This wonderful image of Fort Worth aviation workers demonstrating the different varieties of safety goggles comes from our partners at Lockheed Martin Aeronautics Company, Fort Worth.

Mission Statement
The Portal to Texas History offers students and lifetime learners a digital gateway to the rich collections held in Texas libraries, museums, archives, historical societies and private collections.

Sign up for the Portal to Texas e-Newsletter!

Please forward this newsletter to friends, family, or anyone else who loves Texas history! If you’d like to sign up for our newsletter, just click the link above and send the email.

It’s Online!!

John Wayne in west Texas

The Abilene Photograph Collection consists of over 10,000 images – this delightful assortment of images of community members, homes, businesses, churches and ranches details Abilene’s rich history, capturing a multitude of public events in Abilene and surrounding areas.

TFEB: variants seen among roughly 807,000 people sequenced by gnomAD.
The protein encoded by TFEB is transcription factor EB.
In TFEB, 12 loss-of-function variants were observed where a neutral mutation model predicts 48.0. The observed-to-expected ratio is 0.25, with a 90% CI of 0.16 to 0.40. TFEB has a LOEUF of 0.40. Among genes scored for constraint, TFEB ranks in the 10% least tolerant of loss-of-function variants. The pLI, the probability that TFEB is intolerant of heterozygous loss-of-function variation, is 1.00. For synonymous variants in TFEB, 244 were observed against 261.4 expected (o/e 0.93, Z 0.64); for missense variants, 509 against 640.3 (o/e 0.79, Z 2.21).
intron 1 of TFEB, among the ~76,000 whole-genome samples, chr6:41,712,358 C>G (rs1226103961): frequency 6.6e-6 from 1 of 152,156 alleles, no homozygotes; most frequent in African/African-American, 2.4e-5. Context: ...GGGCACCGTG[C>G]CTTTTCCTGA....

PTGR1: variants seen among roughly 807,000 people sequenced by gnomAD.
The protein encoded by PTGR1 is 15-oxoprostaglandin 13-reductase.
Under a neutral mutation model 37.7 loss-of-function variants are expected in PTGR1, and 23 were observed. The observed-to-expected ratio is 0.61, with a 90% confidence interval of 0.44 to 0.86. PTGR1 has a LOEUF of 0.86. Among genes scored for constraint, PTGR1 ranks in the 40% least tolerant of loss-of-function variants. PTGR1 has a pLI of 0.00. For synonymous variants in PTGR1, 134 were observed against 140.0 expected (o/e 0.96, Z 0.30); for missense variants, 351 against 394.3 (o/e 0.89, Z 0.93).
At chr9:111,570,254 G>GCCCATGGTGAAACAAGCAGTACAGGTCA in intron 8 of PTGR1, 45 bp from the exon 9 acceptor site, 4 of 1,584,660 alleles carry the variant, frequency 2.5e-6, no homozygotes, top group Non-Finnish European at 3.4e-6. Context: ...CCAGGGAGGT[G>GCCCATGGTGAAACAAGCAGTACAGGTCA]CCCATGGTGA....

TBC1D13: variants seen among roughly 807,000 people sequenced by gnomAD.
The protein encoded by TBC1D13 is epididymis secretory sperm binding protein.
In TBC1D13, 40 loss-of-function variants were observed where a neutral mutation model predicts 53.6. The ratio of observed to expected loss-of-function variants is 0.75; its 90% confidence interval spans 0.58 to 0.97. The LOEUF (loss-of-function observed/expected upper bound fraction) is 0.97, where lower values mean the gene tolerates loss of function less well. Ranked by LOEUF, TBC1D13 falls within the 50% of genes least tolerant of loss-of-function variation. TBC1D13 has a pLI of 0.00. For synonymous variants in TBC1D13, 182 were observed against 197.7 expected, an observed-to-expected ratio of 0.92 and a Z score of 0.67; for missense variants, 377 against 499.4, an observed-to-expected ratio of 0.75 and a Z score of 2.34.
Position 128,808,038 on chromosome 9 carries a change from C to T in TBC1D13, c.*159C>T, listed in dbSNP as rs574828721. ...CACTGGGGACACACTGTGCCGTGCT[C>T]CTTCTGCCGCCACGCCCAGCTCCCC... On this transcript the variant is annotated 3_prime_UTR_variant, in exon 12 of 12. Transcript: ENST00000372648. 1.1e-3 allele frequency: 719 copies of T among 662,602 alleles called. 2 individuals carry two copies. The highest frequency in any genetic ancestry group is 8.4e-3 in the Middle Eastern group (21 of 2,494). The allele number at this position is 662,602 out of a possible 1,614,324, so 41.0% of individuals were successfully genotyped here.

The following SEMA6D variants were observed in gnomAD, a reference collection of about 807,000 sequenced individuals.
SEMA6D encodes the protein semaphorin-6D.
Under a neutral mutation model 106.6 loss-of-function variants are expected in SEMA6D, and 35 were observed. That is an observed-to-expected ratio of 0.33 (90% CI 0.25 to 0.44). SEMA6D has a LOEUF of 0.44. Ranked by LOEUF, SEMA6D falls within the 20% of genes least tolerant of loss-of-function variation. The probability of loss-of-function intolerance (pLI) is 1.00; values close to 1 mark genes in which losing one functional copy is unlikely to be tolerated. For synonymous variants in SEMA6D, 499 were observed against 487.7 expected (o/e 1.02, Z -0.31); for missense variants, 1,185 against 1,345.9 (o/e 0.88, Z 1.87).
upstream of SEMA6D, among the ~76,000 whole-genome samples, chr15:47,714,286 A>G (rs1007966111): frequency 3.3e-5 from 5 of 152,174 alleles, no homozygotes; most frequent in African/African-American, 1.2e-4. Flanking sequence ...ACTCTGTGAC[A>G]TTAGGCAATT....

The Portal on Facebook

If you are on Facebook, join the Portal to Texas facebook iconHistory page to be the first to hear the latest Portal news and stories.

Who knew? you can find anything on the
Portal, really . . . 

A search for “band” finds 5,052 results. Here are a few.

Missouri Pacific Railroad Booster Band

Missouri Pacific Railroad Booster Band, Palestine Public Library

Abilene High School Band Twirlers

Baton Twirlers, Abilene High School Band, Hardin Simmons University

The Frantics rock band, 1970, Hardin Simmons University

Band Concert at DCCCD

Band Concert in Mesquite, Dallas Community College District

Band at KTBC

Taping a band at KTBC in Austin, Austin History Center

African-American Singer in front of band

Woman singing in front of a band, Austin History Center

Contact Us
Portal to Texas History

Alamo Illustration

Beyond the Bytes is a free electronic newsletter emailed to subscribers of our listserv.

Dreanna Belden, Editor:
dreanna.belden@unt.edu

Tara Carlisle, Editor

Ann Howington, Contributor

UNT Libraries 
Portal to Texas History
1155 Union Circle #305190

Denton, TX 76203-5017
940.369.8740

 

See our back issues

 

UNT wordmark

http://texashistory.unt.edu/

To unsubscribe from this newsletter: click here and send the email.

AA/EOE/ADA